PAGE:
I’ve just published an essay on Jane Austen in the journal Nineteenth-Century Literature. Rather than discussing any of Austen’s (extremely popular) six published novels, though, the essay focuses on Sanditon, the unfinished novel on which she was working during her months of illness before her death in July 1817. Sanditon is nowhere near as widely known as the published novels, and it’s strikingly different from Austen’s other writing. Here are five reasons why this fragment is an important and original part of her body of work, and why it’s more than worthy of readers’ time.
Thanks to an Arts and Humanities Research Council-funded project, based at the University of Oxford, it’s possible to view the manuscript of Sanditon online. Sanditon wasn’t published until 1871, 54 years after Austen’s death; there was no published edition seen into print by Austen herself, and so the manuscript constitutes our only evidence of how she viewed and approached her final novel. There are no (known) surviving manuscripts of Austen’s published novels (apart from two chapters of Persuasion), and so the digitised version of the Sanditon manuscript gives readers a unique opportunity to look at Austen’s fiction as work in progress, and to examine how she revised and rethought her writing as she worked. (The website also includes the manuscripts of the Persuasion chapters and of Austen’s other unpublished writings.)
Austen is rightly admired for her use of free indirect discourse or free indirect style, a mode of writing in which the voice and point of view of a character or group of characters is merged with that of a third-person narrator. Austen sometimes deploys free indirect discourse for ironic effect – as in the famous opening sentence of Pride and Prejudice, “It is a truth universally acknowledged, that a single man in possession of a good fortune, must be in want of a wife.” – and sometimes to focalise her narratives through, and elicit readers’ sympathy for, her protagonists. As Clara Tuite points out, though, Sanditon‘s narrative style is different; it “dispenses with Austen’s carefully cultivated protocols of free-indirect narrative witnessing in favor of a comparatively deracinated and disembodied third-person narrator”. In other words, Sanditon adopts a forensic and objective narrative stance, through which the narrator bestows a sceptical and impartial attention on the fragment’s various characters. Whether this is a consequence of Sanditon‘s status as an unfinished manuscript, or whether it points to a new approach to fiction on Austen’s part, it makes Sanditon an interesting source of comparison with the published novels.
The plot of Sanditon, of course, is unfinished, but the indications in its surviving chapters suggest that Austen was trying to do something new with the construction of her plot in this novel. Sanditon‘s protagonist is Charlotte Heywood, who, after meeting the financial speculator Mr Parker, travels with him and his family to his home village of Sanditon, which is also his pet project. Trading on the supposed curative properties of sea-bathing and the sea air, Parker plans to turn Sanditon into a destination for tourists and convalescents. In keeping with the impartiality of the narrative voice, however, Charlotte is not really privileged as the heroine of Sanditon‘s plot: she doesn’t suffer any economic or social hardship (as the Dashwood sisters in Sense and Sensibility, or Fanny Price in Mansfield Park, do) and, by the end of the fragment, there is only the smallest hint of the beginning of a courtship narrative. Instead, the novel concentrates on presenting detailed descriptions of a diverse cast of characters, of the interactions between them, and, importantly, of the village of Sanditon itself.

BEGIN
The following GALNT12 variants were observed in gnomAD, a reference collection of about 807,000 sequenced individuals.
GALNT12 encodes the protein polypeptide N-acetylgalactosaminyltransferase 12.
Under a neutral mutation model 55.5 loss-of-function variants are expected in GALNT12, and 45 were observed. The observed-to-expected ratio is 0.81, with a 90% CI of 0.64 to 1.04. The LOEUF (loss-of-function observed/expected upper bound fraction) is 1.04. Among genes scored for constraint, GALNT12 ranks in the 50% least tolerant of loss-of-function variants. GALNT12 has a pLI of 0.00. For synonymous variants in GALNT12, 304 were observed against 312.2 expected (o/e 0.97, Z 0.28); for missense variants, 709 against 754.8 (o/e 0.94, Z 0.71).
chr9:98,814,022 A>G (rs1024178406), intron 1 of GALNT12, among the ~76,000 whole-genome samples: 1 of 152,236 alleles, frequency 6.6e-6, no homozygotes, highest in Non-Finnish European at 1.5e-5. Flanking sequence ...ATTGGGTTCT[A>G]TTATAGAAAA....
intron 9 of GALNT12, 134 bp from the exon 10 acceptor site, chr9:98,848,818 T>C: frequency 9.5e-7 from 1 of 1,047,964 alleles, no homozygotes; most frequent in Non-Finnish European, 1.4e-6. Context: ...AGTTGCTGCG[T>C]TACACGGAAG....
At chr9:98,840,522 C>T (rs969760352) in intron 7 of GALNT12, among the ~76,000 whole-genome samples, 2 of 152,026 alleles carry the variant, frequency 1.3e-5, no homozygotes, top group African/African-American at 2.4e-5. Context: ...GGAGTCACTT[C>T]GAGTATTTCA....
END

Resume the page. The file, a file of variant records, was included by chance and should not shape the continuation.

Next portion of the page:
By setting her novel in a seaside resort, Austen relocates her fiction, moving away from the “Country Village” with its “3 or 4 Families” which, she claimed in a letter, was “such a spot as is the delight of my life”. The characters in her other novels sometimes leave this country village, and sometimes travel to coastal towns: in Persuasion, Louisa Musgrove injures her head in a fall from the cobb at Lyme Regis. But in Sanditon the seaside is not the site of a temporary excursion; it’s the novel’s primary setting, and it represents a model of economic and social relations that is new to Austen’s fiction. Instead of exploring, with her other novels, the fixed property-based economy and social life of a particular class (the early nineteenth-century British gentry), Sanditon uses its seaside setting to explore the socially disruptive (and self-consciously modern) capitalist practices of land speculation, tourism, and commodity culture.
The cobb at Lyme Regis: Austen liked to be beside the seaside (source: Wikimedia Commons)
Austen, you’ll be pleased to hear, doesn’t simply endorse these new social and economic practices. She holds them up for sharp critique, satirising Parker’s inflated ambitions for Sanditon, the rapacity of other characters who hope to make a profit from tourism, and the groundless and self-involved hypochondria of the valetudinarians who come to Sanditon to be “cured”. Austen is also brilliantly aware of the way in which literature is implicated in the capitalist exchanges that underpin Sanditon’s precarious tourist economy; fiction, like land or health, is a saleable commodity, and Sanditon is full of the overt (and funny) literary satire which is central to the early Northanger Abbey, but which is less prominent in Austen’s other published novels.